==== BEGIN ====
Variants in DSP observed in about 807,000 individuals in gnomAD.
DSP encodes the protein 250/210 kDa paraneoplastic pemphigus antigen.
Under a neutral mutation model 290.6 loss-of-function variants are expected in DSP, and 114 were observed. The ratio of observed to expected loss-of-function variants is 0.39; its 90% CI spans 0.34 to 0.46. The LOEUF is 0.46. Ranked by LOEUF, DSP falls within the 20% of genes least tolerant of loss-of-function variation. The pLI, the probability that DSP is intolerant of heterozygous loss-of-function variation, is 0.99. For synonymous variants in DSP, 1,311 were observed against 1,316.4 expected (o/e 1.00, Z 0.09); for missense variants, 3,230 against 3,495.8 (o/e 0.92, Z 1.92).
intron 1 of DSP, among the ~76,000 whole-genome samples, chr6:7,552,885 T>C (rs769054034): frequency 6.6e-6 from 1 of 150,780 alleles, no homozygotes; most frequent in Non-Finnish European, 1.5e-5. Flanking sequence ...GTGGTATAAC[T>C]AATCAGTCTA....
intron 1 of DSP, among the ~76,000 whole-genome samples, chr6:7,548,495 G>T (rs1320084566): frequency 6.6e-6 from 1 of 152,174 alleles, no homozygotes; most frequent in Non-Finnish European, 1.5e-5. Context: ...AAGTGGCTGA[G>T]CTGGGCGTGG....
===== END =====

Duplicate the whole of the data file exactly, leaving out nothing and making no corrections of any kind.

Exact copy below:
Variants in DSP observed in about 807,000 individuals in gnomAD.
DSP encodes the protein 250/210 kDa paraneoplastic pemphigus antigen.
Under a neutral mutation model 290.6 loss-of-function variants are expected in DSP, and 114 were observed. The ratio of observed to expected loss-of-function variants is 0.39; its 90% CI spans 0.34 to 0.46. The LOEUF is 0.46. Ranked by LOEUF, DSP falls within the 20% of genes least tolerant of loss-of-function variation. The pLI, the probability that DSP is intolerant of heterozygous loss-of-function variation, is 0.99. For synonymous variants in DSP, 1,311 were observed against 1,316.4 expected (o/e 1.00, Z 0.09); for missense variants, 3,230 against 3,495.8 (o/e 0.92, Z 1.92).
intron 1 of DSP, among the ~76,000 whole-genome samples, chr6:7,552,885 T>C (rs769054034): frequency 6.6e-6 from 1 of 150,780 alleles, no homozygotes; most frequent in Non-Finnish European, 1.5e-5. Flanking sequence ...GTGGTATAAC[T>C]AATCAGTCTA....
intron 1 of DSP, among the ~76,000 whole-genome samples, chr6:7,548,495 G>T (rs1320084566): frequency 6.6e-6 from 1 of 152,174 alleles, no homozygotes; most frequent in Non-Finnish European, 1.5e-5. Context: ...AAGTGGCTGA[G>T]CTGGGCGTGG....